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UBC Theses and Dissertations

Study of stomatal diffusion resistance in a Douglas Fir Forest Tan, Chin-Sheng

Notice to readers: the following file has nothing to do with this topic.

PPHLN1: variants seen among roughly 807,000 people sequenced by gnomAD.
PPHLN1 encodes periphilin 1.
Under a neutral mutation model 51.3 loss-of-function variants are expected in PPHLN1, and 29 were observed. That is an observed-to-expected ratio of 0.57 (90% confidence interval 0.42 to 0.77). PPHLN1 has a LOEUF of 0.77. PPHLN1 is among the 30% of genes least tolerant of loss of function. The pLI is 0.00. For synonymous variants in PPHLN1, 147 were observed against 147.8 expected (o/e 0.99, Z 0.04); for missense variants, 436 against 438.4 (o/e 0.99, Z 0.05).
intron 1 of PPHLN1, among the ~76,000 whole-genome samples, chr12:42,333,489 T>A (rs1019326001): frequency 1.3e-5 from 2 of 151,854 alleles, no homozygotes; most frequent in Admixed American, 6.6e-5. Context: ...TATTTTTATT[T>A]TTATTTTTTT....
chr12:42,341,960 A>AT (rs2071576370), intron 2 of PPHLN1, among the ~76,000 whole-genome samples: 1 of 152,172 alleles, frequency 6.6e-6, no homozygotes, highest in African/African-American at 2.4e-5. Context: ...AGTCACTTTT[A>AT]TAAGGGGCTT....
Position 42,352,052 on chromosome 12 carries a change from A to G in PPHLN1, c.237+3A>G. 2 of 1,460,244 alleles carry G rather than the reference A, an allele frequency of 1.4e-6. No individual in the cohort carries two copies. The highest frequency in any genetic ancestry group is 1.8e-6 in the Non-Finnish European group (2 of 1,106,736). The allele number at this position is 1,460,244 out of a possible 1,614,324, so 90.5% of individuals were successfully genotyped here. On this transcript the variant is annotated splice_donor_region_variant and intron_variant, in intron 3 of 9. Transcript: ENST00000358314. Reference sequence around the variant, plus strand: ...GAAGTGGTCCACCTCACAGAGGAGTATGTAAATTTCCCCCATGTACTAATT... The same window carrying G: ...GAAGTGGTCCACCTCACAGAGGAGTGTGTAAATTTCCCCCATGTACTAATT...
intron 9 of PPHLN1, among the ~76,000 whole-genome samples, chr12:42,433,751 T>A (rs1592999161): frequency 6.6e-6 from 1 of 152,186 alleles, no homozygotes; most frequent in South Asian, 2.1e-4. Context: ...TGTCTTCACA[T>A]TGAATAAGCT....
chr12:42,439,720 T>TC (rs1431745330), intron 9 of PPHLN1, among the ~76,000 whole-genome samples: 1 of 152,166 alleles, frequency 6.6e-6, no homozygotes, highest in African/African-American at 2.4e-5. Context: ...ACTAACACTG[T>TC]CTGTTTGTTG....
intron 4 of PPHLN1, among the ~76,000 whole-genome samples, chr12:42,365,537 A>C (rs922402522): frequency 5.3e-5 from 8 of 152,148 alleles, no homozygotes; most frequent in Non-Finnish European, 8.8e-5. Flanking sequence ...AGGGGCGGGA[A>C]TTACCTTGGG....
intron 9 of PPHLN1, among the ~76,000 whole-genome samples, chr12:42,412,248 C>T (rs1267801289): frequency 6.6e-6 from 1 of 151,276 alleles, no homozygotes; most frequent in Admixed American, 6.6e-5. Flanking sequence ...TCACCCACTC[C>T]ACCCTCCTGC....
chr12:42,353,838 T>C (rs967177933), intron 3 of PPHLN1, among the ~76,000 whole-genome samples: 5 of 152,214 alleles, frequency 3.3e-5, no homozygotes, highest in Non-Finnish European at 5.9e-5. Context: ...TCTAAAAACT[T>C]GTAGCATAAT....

This thesis reports the results of a study of stomatal diffusion resistance in a Douglas fir forest near Courtenay, in the dry east-coastal belt of Vancouver Island. Stomatal diffusion resistance was measured by a ventilated diffusion porometer designed by Turner et al. The theory of the operation of this porometer as proposed by Turner and Parlange is reviewed. The problems of using the theory to interpret ventilated porometer data are discussed and the porometer evaluated for use in the measurement of the stomatal diffusion resistance of Douglas fir needles. As part of a two-year study of the effect of thinning on evapotranspiration in Douglas fir, the relationship between stomatal diffusion resistance and environmental parameters were studied. Research was conducted in an unthinned stand (1840 stems ha⁻¹) with negligible undergrowth and a thinned stand (840 stems ha⁻¹) with substantial salal undergrowth. During the daytime, stomatal resistance was mainly related to the soil water potential and the vapour pressure deficit of the canopy air. Daytime values of stomatal resistance for Douglas fir ranged from 2 to 60 s cm⁻¹ for values of vapour pressure deficit between 4 and 24 mb and values of soil water potential between 0 and -12.5 bars. Although increasing stomatal resistance was usually associated with decreasing twig water potential, increasing stomatal resistance appeared to be associated with increasing twig water potential when the vapour pressure deficit was high. Stress history was found to cause a shift in the relationship of stomatal resistance to twig water potential, but had little effect on the relationship of stomatal resistance to vapour pressure deficit and soil water potential. Daytime values of stomatal resistance for salal ranged from 2 to 45 s cm⁻¹. The physiological nature of the forest canopy resistance was studied by comparing the stomatal and canopy resistance of the unthinned stand. Canopy resistance was calculated using energy balance/Bowen ratio measurements of evapotranspiration. The typical steady increase in both canopy and stomatal resistance during daytime hours, even at high soil water potentials indicated that the increasing canopy resistance was caused by gradually closing stomata. During a dry period, the mean daytime value of canopy resistance increased in proportion to the mean daytime value of the stomatal resistance. Values of canopy resistance calculated from stomatal resistance and leaf area index measurements agreed well with those calculated from energy balance measurements. Values of transpiration rate in the thinned stand calculated from a simple vapour diffusion model that uses the vapour pressure deficit of the canopy air, and measurements of the stomatal resistance and leaf area index of the canopy agreed well with those obtained from energy balance/ Bowen ratio measurements. Stomatal resistance characteristics were also used in the diffusion model instead of actual stomatal resistance measurements to calculate transpiration rate.. There was reasonable agreement between these transpiration values and energy balance measurements. Both the model and energy balance measurements showed that transpiration rate increased with increasing vapour pressure deficit until a certain vapour pressure deficit was reached after which the rate declined. Calculations from the model indicated that the fraction of transpiration from the thinned stand transpired by the salal during daytime hours increased from approximately 45 to 70% during a four-week drying period.

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